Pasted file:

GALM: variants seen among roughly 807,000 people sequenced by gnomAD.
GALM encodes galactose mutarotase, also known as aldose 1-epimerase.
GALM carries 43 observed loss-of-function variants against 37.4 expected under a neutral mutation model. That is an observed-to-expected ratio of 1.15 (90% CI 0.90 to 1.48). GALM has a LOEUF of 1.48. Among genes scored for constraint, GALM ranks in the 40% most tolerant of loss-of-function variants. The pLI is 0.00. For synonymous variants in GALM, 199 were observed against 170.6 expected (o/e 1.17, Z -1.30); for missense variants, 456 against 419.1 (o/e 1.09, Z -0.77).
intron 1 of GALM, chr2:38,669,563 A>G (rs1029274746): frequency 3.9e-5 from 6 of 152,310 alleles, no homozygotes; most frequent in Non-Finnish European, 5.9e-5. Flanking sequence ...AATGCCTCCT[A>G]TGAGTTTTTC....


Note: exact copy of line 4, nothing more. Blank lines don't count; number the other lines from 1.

intron 1 of GALM, chr2:38,669,563 A>G (rs1029274746): frequency 3.9e-5 from 6 of 152,310 alleles, no homozygotes; most frequent in Non-Finnish European, 5.9e-5. Flanking sequence ...AATGCCTCCT[A>G]TGAGTTTTTC....